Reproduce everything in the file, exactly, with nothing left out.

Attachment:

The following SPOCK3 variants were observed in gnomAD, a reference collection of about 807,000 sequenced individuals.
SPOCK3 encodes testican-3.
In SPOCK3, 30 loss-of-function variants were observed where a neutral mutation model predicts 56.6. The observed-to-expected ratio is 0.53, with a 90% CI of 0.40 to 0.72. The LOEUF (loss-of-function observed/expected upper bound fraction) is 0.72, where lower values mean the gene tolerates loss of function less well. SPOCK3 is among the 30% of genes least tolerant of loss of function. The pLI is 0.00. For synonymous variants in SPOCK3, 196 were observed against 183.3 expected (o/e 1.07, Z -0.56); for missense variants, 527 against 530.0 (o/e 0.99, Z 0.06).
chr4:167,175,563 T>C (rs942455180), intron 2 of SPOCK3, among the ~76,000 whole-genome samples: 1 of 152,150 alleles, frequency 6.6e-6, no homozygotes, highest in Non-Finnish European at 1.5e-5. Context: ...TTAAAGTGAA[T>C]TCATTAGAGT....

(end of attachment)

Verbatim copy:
The following SPOCK3 variants were observed in gnomAD, a reference collection of about 807,000 sequenced individuals.
SPOCK3 encodes testican-3.
In SPOCK3, 30 loss-of-function variants were observed where a neutral mutation model predicts 56.6. The observed-to-expected ratio is 0.53, with a 90% CI of 0.40 to 0.72. The LOEUF (loss-of-function observed/expected upper bound fraction) is 0.72, where lower values mean the gene tolerates loss of function less well. SPOCK3 is among the 30% of genes least tolerant of loss of function. The pLI is 0.00. For synonymous variants in SPOCK3, 196 were observed against 183.3 expected (o/e 1.07, Z -0.56); for missense variants, 527 against 530.0 (o/e 0.99, Z 0.06).
chr4:167,175,563 T>C (rs942455180), intron 2 of SPOCK3, among the ~76,000 whole-genome samples: 1 of 152,150 alleles, frequency 6.6e-6, no homozygotes, highest in Non-Finnish European at 1.5e-5. Context: ...TTAAAGTGAA[T>C]TCATTAGAGT....